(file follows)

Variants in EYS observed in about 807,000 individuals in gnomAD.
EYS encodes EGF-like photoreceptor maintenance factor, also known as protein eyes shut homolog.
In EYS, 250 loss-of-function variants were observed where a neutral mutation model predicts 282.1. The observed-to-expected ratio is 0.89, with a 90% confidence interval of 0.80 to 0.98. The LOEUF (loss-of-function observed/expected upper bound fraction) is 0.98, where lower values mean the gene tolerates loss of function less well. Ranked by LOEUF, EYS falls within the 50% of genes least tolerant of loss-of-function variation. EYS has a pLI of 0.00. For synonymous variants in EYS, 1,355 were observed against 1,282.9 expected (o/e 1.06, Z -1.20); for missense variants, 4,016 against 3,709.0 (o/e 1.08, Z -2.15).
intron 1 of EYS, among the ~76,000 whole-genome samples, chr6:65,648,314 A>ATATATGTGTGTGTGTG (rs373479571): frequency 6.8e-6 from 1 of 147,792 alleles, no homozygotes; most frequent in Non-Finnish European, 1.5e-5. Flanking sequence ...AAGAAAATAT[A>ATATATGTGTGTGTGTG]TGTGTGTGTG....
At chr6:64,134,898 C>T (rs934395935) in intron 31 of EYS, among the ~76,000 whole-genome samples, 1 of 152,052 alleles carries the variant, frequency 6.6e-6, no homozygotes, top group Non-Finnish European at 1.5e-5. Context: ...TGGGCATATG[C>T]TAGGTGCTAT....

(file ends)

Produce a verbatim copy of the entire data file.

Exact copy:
Variants in EYS observed in about 807,000 individuals in gnomAD.
EYS encodes EGF-like photoreceptor maintenance factor, also known as protein eyes shut homolog.
In EYS, 250 loss-of-function variants were observed where a neutral mutation model predicts 282.1. The observed-to-expected ratio is 0.89, with a 90% confidence interval of 0.80 to 0.98. The LOEUF (loss-of-function observed/expected upper bound fraction) is 0.98, where lower values mean the gene tolerates loss of function less well. Ranked by LOEUF, EYS falls within the 50% of genes least tolerant of loss-of-function variation. EYS has a pLI of 0.00. For synonymous variants in EYS, 1,355 were observed against 1,282.9 expected (o/e 1.06, Z -1.20); for missense variants, 4,016 against 3,709.0 (o/e 1.08, Z -2.15).
intron 1 of EYS, among the ~76,000 whole-genome samples, chr6:65,648,314 A>ATATATGTGTGTGTGTG (rs373479571): frequency 6.8e-6 from 1 of 147,792 alleles, no homozygotes; most frequent in Non-Finnish European, 1.5e-5. Flanking sequence ...AAGAAAATAT[A>ATATATGTGTGTGTGTG]TGTGTGTGTG....
At chr6:64,134,898 C>T (rs934395935) in intron 31 of EYS, among the ~76,000 whole-genome samples, 1 of 152,052 alleles carries the variant, frequency 6.6e-6, no homozygotes, top group Non-Finnish European at 1.5e-5. Context: ...TGGGCATATG[C>T]TAGGTGCTAT....